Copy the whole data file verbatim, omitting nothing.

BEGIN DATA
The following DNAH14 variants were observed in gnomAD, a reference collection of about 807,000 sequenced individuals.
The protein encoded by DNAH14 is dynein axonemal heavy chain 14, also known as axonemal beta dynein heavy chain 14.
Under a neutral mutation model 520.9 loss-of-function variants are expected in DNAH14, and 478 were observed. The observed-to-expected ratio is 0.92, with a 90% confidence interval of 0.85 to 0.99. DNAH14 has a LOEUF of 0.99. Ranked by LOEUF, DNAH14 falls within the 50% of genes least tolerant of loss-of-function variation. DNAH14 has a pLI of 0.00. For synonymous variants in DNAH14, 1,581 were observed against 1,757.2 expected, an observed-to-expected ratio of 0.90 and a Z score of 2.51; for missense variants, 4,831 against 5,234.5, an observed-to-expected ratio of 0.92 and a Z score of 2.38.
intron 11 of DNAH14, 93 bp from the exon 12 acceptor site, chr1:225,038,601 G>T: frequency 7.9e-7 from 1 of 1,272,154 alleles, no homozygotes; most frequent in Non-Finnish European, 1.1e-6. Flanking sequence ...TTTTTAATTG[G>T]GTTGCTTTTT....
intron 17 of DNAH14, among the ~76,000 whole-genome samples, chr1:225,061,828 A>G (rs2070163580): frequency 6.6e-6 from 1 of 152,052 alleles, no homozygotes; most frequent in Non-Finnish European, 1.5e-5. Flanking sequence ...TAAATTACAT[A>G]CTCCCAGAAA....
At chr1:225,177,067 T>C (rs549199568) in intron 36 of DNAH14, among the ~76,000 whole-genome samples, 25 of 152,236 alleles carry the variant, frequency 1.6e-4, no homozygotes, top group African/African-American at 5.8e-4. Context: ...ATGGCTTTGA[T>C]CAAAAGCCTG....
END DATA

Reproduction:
The following DNAH14 variants were observed in gnomAD, a reference collection of about 807,000 sequenced individuals.
The protein encoded by DNAH14 is dynein axonemal heavy chain 14, also known as axonemal beta dynein heavy chain 14.
Under a neutral mutation model 520.9 loss-of-function variants are expected in DNAH14, and 478 were observed. The observed-to-expected ratio is 0.92, with a 90% confidence interval of 0.85 to 0.99. DNAH14 has a LOEUF of 0.99. Ranked by LOEUF, DNAH14 falls within the 50% of genes least tolerant of loss-of-function variation. DNAH14 has a pLI of 0.00. For synonymous variants in DNAH14, 1,581 were observed against 1,757.2 expected, an observed-to-expected ratio of 0.90 and a Z score of 2.51; for missense variants, 4,831 against 5,234.5, an observed-to-expected ratio of 0.92 and a Z score of 2.38.
intron 11 of DNAH14, 93 bp from the exon 12 acceptor site, chr1:225,038,601 G>T: frequency 7.9e-7 from 1 of 1,272,154 alleles, no homozygotes; most frequent in Non-Finnish European, 1.1e-6. Flanking sequence ...TTTTTAATTG[G>T]GTTGCTTTTT....
intron 17 of DNAH14, among the ~76,000 whole-genome samples, chr1:225,061,828 A>G (rs2070163580): frequency 6.6e-6 from 1 of 152,052 alleles, no homozygotes; most frequent in Non-Finnish European, 1.5e-5. Flanking sequence ...TAAATTACAT[A>G]CTCCCAGAAA....
At chr1:225,177,067 T>C (rs549199568) in intron 36 of DNAH14, among the ~76,000 whole-genome samples, 25 of 152,236 alleles carry the variant, frequency 1.6e-4, no homozygotes, top group African/African-American at 5.8e-4. Context: ...ATGGCTTTGA[T>C]CAAAAGCCTG....